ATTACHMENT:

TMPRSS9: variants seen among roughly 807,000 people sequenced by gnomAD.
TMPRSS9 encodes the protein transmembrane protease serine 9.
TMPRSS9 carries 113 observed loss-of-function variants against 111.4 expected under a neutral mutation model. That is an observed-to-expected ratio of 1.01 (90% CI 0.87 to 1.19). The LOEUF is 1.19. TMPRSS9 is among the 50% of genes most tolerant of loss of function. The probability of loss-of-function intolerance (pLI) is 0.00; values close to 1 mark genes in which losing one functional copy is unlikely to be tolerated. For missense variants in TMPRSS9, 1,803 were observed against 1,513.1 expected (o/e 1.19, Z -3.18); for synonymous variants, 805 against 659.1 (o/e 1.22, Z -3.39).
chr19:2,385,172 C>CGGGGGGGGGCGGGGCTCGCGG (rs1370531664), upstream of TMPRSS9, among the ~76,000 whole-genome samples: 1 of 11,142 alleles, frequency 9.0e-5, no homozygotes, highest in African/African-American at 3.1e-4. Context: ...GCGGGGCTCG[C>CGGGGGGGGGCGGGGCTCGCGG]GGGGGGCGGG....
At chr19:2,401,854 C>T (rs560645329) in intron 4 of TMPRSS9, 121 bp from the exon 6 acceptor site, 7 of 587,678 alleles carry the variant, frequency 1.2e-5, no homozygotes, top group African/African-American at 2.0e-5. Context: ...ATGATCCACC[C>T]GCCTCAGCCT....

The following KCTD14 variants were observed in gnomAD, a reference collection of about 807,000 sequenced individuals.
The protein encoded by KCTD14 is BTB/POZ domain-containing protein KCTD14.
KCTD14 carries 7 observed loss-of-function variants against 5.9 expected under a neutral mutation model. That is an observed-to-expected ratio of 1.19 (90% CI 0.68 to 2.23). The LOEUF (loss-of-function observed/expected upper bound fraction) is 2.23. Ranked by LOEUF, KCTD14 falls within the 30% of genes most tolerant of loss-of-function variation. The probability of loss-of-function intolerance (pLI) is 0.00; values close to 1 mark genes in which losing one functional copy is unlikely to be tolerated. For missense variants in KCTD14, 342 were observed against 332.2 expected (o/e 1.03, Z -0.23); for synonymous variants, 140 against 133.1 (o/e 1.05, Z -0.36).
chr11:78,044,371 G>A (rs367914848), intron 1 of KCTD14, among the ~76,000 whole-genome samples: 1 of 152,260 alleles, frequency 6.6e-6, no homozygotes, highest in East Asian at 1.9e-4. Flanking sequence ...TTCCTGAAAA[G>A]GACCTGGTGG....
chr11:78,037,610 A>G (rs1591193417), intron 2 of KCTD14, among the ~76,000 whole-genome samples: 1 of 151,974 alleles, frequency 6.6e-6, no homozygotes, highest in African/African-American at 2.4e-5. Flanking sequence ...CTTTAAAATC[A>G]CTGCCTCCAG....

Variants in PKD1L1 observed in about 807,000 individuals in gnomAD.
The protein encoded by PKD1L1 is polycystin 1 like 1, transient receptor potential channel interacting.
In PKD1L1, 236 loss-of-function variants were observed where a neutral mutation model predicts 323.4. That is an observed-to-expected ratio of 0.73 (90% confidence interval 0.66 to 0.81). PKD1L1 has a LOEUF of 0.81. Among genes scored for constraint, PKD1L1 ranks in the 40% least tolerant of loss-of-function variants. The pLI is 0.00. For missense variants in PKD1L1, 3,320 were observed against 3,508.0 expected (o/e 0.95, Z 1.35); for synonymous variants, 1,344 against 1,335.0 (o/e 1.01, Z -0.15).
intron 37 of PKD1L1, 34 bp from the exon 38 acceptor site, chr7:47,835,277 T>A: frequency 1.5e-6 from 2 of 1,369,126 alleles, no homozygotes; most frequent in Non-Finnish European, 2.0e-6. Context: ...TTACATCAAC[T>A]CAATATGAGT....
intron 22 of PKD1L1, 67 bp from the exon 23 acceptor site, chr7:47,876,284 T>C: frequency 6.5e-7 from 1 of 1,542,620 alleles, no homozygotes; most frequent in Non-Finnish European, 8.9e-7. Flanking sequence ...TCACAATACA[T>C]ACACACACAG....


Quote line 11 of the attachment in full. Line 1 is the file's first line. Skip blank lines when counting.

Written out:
Variants in PKD1L1 observed in about 807,000 individuals in gnomAD.